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Advanced consent for participation in acute care randomised control trials: protocol for a scoping review.

PMID: 33067291 (view PubMed database entry)
DOI: 10.1136/bmjopen-2020-039172 (read at publisher's website )
PMCID: PMC7569993 (free full text version available)

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Naomi Niznick, Ronda Lun, Brian Dewar, Dar Dowlatshahi, Michel Shamy,

<h4>Introduction</h4>Informed consent is essential to clinical research, though obtaining informed consent for participation in research for emergency conditions is challenging. Adapted consent methods include consent from a substitute-decision maker, deferral of consent and waiver of consent. A novel approach is to use advanced consent, where a potential participant provides consent in the present in the event that they become eligible for enrolment into a future study. This scoping review will map and synthesise the literature on the use of advanced consent for participation and enrolment in randomised control trials for emergency conditions.<h4>Methods and analysis</h4>Guided by Arksey and O'Malley's scoping review methodology framework, we will search electronic databases (Medline, Embase, Web of Science and the Cochrane Register of Clinical Trials), the grey literature sources and reference lists of relevant studies. Eligible studies will include English language articles that discuss, examine or employ the use of advanced consent for enrolment in randomised control trials, specifically related to emergency conditions or emergency treatment. Diverse types of articles will be eligible for inclusion, including peer-reviewed qualitative and quantitative studies such as randomised control trials, observational studies, surveys, systematic reviews, as well as narrative reviews and ethics papers. Studies will be screened by two independent reviewers to determine eligibility for inclusion. Data on bibliographic information, study characteristics and methodology, and reported results, specifically author disposition, will be extracted and described using qualitative analysis.<h4>Ethics and dissemination</h4>Formal ethics review is not required as primary data will not be collected. The findings of this study will be disseminated through a peer-reviewed publication. The findings of this study will help identify knowledge gaps that may guide areas for future research and may aid in the design of future clinical trials using advanced consent.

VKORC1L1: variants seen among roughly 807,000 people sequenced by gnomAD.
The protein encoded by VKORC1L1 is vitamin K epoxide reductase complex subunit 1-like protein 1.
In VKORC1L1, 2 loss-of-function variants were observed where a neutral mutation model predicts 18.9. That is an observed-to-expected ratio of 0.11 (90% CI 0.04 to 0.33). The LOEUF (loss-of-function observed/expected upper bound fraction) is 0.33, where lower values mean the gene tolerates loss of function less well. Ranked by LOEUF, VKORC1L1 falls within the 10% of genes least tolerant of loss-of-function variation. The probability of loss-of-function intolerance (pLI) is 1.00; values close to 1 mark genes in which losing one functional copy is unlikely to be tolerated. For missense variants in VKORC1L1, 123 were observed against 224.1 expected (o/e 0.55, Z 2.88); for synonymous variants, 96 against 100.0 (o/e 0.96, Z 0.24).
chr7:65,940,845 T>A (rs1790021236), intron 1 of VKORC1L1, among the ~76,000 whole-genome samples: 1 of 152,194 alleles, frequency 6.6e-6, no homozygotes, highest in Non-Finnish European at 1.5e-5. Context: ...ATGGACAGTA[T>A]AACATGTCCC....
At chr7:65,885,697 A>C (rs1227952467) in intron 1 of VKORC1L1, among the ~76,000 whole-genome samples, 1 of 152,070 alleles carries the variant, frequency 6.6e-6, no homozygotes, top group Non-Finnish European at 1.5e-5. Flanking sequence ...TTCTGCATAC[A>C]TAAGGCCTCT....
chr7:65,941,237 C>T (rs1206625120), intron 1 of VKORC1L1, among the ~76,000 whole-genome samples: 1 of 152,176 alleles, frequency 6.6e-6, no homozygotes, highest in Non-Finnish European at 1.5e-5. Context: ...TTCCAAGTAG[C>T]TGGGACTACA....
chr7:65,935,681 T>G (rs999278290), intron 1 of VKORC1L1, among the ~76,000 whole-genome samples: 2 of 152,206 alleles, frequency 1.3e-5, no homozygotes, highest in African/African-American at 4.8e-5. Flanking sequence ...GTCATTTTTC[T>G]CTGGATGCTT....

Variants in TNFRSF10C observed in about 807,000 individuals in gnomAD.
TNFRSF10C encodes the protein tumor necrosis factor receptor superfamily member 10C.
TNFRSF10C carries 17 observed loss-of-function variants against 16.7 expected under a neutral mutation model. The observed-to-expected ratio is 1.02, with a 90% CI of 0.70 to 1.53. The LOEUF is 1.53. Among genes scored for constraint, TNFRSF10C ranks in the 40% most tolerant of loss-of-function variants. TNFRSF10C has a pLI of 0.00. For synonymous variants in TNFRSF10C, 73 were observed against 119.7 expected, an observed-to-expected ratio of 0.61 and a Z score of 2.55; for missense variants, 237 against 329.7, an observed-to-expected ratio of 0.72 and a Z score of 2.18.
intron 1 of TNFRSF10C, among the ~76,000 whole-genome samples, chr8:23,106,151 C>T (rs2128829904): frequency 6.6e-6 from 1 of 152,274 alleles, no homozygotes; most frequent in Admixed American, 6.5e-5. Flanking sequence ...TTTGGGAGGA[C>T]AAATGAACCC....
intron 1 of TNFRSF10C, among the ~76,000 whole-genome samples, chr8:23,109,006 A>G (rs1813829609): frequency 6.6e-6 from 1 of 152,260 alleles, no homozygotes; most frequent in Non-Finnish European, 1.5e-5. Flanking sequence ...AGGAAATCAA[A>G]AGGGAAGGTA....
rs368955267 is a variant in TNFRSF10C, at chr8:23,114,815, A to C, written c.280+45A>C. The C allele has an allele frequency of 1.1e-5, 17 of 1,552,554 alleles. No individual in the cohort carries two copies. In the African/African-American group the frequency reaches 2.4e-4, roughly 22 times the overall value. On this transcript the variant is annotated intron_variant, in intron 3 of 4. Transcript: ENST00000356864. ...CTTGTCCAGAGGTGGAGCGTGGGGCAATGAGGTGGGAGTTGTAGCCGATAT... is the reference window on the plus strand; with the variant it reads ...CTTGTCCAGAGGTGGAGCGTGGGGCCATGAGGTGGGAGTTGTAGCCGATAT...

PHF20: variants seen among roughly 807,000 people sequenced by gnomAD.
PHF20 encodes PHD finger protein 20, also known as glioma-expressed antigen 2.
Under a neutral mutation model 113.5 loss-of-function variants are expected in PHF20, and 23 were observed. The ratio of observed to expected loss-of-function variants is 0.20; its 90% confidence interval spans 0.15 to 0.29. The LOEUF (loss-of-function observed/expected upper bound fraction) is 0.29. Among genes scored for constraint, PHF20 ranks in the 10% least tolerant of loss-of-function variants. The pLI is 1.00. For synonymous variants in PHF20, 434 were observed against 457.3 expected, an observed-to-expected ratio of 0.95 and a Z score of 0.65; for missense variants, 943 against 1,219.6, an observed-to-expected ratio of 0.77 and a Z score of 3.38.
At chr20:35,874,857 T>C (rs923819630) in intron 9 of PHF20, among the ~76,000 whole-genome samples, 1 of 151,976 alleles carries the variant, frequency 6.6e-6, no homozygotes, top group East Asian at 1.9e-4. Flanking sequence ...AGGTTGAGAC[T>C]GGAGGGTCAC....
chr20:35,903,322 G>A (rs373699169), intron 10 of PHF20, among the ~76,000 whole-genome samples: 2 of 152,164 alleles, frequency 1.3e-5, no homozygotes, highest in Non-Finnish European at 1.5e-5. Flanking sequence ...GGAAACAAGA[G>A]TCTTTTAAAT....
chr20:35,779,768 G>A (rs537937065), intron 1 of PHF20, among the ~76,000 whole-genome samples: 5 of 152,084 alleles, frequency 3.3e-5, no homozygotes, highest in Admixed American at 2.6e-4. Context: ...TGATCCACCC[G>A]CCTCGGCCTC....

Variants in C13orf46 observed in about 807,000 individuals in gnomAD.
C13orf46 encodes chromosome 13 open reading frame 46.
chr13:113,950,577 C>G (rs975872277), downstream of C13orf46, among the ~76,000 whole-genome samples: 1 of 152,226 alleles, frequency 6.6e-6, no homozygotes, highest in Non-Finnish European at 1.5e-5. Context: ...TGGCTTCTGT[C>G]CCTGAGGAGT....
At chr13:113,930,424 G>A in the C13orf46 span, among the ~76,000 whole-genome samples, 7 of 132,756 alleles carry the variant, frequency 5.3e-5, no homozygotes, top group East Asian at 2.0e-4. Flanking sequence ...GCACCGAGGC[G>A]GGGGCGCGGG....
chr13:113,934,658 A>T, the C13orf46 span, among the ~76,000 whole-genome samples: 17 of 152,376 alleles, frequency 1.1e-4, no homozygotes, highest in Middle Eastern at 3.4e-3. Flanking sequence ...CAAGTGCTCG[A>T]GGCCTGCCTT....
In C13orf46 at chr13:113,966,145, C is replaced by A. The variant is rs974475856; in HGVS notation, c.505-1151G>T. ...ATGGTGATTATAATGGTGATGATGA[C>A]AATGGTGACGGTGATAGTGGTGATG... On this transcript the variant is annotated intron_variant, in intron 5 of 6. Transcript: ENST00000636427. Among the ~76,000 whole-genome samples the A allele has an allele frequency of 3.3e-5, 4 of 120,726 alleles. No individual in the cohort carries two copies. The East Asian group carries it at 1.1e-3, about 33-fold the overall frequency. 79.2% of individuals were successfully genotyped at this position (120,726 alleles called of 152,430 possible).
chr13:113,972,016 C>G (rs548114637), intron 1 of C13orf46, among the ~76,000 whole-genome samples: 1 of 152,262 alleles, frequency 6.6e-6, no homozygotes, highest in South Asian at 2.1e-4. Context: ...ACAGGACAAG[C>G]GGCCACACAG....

BMJ Open (BMJ open)
[2020, 10(10):e039172]

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